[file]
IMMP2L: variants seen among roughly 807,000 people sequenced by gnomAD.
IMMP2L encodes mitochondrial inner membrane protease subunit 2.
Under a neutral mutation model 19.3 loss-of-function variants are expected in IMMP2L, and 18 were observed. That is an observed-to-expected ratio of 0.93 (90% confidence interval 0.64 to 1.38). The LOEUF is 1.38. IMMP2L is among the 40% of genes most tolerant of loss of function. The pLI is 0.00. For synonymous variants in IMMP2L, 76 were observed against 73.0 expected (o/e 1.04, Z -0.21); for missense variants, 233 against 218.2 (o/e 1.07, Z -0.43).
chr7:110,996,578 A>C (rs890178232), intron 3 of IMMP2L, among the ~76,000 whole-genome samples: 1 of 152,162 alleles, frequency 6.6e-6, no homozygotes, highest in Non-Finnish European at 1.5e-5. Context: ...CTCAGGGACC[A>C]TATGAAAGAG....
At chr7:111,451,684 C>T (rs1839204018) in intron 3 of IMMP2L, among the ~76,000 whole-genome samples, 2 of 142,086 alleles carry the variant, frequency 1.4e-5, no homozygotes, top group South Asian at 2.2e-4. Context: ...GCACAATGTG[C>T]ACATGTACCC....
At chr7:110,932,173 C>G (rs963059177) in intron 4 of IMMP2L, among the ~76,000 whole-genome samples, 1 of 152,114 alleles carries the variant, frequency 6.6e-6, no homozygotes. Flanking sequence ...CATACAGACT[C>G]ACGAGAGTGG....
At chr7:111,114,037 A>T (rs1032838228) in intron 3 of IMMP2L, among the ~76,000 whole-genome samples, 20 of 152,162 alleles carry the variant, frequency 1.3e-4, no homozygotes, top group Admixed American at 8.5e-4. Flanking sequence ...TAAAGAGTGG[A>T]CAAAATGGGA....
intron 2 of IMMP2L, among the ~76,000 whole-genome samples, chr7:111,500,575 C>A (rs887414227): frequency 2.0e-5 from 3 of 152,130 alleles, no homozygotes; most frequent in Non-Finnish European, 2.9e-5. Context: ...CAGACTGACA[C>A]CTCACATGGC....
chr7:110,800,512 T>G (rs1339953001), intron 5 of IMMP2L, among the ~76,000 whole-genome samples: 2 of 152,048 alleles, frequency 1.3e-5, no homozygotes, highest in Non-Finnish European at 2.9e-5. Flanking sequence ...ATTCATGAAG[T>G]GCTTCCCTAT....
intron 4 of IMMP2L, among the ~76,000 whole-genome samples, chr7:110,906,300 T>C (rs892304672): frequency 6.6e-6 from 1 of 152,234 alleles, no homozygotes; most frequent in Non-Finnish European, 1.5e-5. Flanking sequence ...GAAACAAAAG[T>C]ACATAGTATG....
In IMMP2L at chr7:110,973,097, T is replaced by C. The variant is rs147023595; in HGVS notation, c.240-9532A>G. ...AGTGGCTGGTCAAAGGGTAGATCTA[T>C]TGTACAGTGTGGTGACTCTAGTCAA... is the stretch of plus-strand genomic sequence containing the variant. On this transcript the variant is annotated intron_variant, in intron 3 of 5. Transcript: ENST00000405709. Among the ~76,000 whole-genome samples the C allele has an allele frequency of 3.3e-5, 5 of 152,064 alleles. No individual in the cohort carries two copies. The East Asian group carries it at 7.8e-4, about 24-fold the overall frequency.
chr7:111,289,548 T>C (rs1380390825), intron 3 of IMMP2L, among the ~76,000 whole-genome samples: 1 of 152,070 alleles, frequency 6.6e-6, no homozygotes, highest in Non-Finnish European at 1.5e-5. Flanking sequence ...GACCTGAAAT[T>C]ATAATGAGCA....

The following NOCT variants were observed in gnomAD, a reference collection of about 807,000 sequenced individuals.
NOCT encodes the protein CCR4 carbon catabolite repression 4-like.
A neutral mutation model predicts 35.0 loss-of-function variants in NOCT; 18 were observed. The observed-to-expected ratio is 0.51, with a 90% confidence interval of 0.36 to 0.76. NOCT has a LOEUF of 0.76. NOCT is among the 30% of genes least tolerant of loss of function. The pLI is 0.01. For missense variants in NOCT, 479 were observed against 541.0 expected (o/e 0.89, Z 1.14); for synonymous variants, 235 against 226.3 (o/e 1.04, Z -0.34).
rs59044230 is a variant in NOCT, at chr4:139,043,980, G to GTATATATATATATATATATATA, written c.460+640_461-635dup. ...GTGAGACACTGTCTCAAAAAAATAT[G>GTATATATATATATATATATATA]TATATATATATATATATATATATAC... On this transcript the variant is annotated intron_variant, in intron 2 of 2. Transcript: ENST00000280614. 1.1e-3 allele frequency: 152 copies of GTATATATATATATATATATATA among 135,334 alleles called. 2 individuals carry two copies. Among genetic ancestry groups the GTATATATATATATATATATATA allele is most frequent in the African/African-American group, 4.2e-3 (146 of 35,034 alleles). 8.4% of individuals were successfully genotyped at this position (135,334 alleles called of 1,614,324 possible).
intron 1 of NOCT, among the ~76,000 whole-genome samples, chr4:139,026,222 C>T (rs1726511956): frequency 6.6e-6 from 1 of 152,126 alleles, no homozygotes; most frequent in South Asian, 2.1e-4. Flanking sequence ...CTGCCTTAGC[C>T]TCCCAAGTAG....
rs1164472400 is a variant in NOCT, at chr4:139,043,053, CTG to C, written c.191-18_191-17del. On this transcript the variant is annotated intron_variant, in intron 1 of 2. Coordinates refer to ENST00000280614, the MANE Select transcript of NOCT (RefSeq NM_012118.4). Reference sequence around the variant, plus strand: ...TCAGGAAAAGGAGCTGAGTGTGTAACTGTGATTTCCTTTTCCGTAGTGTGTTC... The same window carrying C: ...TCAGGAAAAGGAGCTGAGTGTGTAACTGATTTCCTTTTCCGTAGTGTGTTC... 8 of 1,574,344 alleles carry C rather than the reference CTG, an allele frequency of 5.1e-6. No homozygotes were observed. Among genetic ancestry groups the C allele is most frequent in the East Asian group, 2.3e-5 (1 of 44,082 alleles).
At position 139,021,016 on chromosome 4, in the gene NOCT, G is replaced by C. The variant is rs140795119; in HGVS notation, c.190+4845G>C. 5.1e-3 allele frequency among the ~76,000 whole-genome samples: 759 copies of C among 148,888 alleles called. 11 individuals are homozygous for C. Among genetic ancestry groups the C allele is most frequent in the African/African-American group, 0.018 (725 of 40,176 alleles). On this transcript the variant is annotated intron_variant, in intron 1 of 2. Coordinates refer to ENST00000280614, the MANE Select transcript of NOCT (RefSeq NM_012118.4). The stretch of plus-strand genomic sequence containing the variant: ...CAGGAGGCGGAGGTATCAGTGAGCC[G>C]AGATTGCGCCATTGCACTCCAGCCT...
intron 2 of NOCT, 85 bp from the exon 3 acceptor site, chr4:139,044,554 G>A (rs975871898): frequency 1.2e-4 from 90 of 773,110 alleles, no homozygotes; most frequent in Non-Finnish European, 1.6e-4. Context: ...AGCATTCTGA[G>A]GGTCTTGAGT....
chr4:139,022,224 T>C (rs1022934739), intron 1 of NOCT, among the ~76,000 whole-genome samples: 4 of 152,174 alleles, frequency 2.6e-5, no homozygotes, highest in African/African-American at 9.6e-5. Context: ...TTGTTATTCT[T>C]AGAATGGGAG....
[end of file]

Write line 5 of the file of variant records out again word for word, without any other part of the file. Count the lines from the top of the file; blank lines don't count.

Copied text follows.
At chr7:111,451,684 C>T (rs1839204018) in intron 3 of IMMP2L, among the ~76,000 whole-genome samples, 2 of 142,086 alleles carry the variant, frequency 1.4e-5, no homozygotes, top group South Asian at 2.2e-4. Context: ...GCACAATGTG[C>T]ACATGTACCC....